Chickenpox (varicella) and shingles (herpes zoster) are distinct diseases caused by the varicella-zoster virus (VZV). The VZV is a herpes-related virus. Chickenpox is a highly contagious rash that usually occurs in childhood. Airborne droplets containing the virus transmit the chickenpox virus infection. Many years later, the virus reactivates as Shingles and comes out of the nerve where it has been dormant to form a red blistering rash. Shingles is usually a localized, unilateral (occurs on one side of the body) eruption that follows a linear pattern along a nerve. Treatment options for shingles include oral medications to treat the virus.. For severe infections and in immunosuppressed patients such as pregnant women, intravenous medication may be administered in the hospital. For chickenpox, a calamine or similar anti-itching lotion can be applied. Oatmeal baths and aloe vera gel offer some relief as well. Read more..
Skin Cancer & Skin Growths
- Basal Cell Carcinoma
A basal cell carcinoma is a slow-growing skin tumor related to cancerous changes in basal skin cells. More than 90 percent of basal cell carcinomas occur on areas of skin that are regularly exposed to sunlight or other ultraviolet radiation. The onset most commonly occurs after age 40. Symptoms include a skin lesion, growth or bump located on the face, ear, neck, chest, back or scalp, with a pearly or waxy appearance. Treatment varies depending on the size, depth and location of the cancer. Early treatment by a dermatologist may result in a cure rate of more than 95 percent.
- Squamous Cell Carcinoma
A squamous cell carcinoma is a malignant tumor that affects the middle layer of the skin. This malignant tumor is more aggressive than basal cell cancer, but still may be relatively slow growing. It is more likely than basal cell cancer to spread (metastasize) to other locations, including internal organs. Symptoms include skin lesions that are firm, reddened and possibly cone shaped. Treatment varies depending on the size, depth and location of the tumor, as well as how much it has spread (metastasis). The majority (95 percent) of squamous cell tumors may be cured if promptly removed. New tumors may develop; therefore, prevention should be diligent. Regular examination by a health care provider is usually required.
The most dangerous form of skin cancer is most often caused by intense, occasional UV exposure (i.e. tanning beds or the sun.) These cancerous growths develop in pigment cells called melanocytes. The majority of melanomas are black or brown and often resemble moles; some of which even develop from moles. They can also be skin-colored, pink, red, purple, blue or white. While melanoma is almost always curable, the cancer can spread to other parts of the body and become fatal if not caught early enough. Read more..
Moles are common, usually harmless skin lesions. They medically referred to as melanocytic nevi (European spelling ‘naevi’) as they result from due the proliferation of pigment cells, melanocytes. Moles may be flat or protruding. They vary in color from pink flesh tones to dark brown or black. The number of moles a person has depends on genetic factors and sun exposure. Patients with lighter skin may have an average of 20-50 moles. Malignant melanoma is a cancerous growth occurring in melanocytes (pigment cells). A melanoma may look quite like a harmless mole. If a mole changes size, shape or color, or a new one develops in adult life, a dermatologist should examine it. Although most moles are harmless and can safely be ignored, moles may be treated if they are biopsied and deemed dangerous. Read more..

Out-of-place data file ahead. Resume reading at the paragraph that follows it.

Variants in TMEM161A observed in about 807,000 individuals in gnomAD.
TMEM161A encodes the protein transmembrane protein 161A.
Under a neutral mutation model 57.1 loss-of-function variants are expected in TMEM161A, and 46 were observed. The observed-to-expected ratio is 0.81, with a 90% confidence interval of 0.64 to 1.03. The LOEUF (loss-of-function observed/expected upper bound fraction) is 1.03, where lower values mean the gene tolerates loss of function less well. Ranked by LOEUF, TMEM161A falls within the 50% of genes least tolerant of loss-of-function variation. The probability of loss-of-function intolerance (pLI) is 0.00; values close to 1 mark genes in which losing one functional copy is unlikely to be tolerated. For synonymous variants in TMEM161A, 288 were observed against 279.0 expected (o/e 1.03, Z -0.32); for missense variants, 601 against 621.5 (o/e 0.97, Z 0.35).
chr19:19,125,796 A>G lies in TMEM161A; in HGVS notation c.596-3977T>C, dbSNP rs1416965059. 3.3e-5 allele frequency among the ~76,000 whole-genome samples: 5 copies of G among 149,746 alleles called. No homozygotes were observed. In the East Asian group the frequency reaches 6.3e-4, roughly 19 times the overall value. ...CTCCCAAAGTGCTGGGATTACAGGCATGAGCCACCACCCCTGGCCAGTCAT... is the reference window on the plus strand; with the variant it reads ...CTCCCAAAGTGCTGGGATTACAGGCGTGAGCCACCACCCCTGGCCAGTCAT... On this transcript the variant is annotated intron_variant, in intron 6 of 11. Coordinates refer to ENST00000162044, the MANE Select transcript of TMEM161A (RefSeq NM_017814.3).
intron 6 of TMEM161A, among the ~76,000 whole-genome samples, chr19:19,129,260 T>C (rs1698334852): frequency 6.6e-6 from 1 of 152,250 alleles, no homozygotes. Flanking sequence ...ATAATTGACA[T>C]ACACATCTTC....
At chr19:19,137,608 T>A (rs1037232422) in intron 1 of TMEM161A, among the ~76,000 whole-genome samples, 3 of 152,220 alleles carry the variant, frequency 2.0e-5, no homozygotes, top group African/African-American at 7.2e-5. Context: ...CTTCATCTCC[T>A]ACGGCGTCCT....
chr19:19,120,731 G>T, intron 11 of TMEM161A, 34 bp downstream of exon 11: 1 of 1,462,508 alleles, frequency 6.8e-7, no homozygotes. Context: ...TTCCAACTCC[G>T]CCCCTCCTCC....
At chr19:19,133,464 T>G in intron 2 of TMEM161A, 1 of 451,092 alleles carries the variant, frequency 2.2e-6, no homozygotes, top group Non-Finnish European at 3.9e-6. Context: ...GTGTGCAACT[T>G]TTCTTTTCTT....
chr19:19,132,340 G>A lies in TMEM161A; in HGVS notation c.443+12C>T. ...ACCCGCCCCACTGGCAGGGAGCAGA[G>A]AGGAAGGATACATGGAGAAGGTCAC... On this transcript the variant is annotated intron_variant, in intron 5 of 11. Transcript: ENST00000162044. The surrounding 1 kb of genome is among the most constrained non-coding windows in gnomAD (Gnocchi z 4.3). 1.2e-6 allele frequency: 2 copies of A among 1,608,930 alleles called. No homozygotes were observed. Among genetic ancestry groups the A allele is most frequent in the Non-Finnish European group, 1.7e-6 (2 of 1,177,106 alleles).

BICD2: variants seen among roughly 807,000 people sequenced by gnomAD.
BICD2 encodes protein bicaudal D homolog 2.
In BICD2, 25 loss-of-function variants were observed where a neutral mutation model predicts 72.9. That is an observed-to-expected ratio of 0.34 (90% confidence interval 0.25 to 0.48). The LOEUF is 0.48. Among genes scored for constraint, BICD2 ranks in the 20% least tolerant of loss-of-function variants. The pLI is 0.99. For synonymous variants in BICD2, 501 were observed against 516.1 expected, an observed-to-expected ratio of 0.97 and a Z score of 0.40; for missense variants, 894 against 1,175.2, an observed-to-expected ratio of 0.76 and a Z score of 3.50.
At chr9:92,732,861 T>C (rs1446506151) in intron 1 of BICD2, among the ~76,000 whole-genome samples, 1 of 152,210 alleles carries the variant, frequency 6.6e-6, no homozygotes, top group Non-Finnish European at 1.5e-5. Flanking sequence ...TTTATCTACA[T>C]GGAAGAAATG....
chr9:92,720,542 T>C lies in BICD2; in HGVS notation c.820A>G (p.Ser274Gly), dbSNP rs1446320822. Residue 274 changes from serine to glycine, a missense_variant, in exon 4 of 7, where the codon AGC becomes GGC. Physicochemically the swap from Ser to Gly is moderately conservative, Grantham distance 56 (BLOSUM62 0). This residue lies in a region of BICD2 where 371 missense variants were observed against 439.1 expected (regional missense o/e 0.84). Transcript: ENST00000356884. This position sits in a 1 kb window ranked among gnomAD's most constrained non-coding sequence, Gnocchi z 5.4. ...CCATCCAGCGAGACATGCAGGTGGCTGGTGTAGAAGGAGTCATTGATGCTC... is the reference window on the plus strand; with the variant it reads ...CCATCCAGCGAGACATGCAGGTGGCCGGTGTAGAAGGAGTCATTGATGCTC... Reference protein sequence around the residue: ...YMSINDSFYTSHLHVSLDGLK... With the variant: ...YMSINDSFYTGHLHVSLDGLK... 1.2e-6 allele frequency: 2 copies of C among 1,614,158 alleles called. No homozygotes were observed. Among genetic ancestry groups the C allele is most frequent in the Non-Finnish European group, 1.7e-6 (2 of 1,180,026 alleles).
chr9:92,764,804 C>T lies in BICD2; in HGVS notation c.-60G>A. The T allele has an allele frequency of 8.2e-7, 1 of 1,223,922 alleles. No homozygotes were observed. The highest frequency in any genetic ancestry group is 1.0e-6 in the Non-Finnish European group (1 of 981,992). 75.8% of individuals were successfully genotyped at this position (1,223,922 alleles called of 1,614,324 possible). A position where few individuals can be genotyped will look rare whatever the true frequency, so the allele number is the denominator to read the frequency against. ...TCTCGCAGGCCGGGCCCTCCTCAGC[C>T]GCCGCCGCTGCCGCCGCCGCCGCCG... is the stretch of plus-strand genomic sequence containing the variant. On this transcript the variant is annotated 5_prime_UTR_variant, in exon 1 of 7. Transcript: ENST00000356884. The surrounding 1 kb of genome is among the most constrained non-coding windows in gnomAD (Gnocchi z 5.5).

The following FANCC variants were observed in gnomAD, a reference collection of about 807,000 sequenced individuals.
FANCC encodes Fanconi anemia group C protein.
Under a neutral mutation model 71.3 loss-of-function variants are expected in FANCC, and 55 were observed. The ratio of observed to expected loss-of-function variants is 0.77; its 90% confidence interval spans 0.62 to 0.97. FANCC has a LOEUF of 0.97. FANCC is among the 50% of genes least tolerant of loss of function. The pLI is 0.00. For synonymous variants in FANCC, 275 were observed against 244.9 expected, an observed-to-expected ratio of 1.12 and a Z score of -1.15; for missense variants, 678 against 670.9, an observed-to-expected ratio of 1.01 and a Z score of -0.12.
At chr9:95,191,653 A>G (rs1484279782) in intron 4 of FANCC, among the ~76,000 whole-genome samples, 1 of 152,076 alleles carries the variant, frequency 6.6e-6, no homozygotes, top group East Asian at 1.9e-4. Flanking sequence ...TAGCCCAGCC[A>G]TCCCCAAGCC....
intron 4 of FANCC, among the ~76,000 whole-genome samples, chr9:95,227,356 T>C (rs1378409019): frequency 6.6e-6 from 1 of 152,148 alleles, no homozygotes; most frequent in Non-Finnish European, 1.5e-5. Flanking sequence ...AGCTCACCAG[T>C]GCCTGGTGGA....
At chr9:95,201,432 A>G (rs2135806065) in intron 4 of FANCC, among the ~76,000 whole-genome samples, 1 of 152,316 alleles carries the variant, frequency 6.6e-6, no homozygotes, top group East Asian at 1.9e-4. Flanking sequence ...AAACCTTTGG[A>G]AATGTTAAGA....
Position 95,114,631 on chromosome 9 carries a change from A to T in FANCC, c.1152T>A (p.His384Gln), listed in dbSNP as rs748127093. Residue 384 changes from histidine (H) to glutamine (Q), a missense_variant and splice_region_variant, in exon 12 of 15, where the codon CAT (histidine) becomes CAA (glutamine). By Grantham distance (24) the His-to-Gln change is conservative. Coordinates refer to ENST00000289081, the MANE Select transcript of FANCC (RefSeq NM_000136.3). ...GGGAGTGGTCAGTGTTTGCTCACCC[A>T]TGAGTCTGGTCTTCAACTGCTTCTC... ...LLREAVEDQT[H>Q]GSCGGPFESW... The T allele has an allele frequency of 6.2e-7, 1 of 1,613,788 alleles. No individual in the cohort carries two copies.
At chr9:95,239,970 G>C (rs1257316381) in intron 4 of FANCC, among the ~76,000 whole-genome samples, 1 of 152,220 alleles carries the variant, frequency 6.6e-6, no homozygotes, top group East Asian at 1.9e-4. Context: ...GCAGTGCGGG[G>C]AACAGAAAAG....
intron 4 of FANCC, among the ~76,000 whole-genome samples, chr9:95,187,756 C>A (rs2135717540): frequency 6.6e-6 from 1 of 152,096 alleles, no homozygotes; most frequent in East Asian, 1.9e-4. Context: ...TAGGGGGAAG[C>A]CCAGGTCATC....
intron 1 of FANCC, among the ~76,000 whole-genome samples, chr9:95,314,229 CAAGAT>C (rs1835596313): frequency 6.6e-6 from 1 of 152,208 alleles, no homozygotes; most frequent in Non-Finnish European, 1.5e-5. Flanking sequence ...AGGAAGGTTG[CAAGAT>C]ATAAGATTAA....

Warts are benign, noncancerous, skin growths that appear when a virus infects the top layer of the skin. Viruses that cause warts are called human papillomavirus (HPV). You are more likely to get one of these viruses if you cut or damage your skin. Wart viruses are contagious and can spread by contact with a wart or something that has touched a wart. Warts are usually the result of direct contact with the skin of an infected individual (shaking hands) or contact with wet areas that can hold the virus like pool areas or showers. Most of the time, it is difficult to determine precisely where they were contracted. Warts on the genitals are usually the result of sexual contact with an infected individual. There are many treatment options for warts. These include any or all of the following: chemical destruction, electrosurgery, laser surgery, cryosurgery, topical or intralesional chemotherapy, or surgical excision. Read more..
Molluscum contagiosum is a common, non-cancerous skin growth caused by a viral infection in the top layers of skin. They are similar to warts, but are caused by a different virus. The name molluscum contagiosum implies that the virus and the growths are easily spread by skin contact. Molluscum is usually a small flesh-colored or pink dome-shaped growth. They may appear shiny and have a small indentation in the center. The molluscum virus is transmitted from an infected individual’s skin or infected water (poolside or shower) to uninfected persons. Molluscum is treated in the same ways that warts are treated. They can be frozen with liquid nitrogen, destroyed with various acids or blistering solutions, treated with electric needle (electrocautery) or daily home application of a topical retinoid cream, scraped off with a sharp instrument (curette) or remedied with the use of a topical immune modifier or a topical anti-viral medication. Laser therapy has also been found effective in treating molluscum. Read more..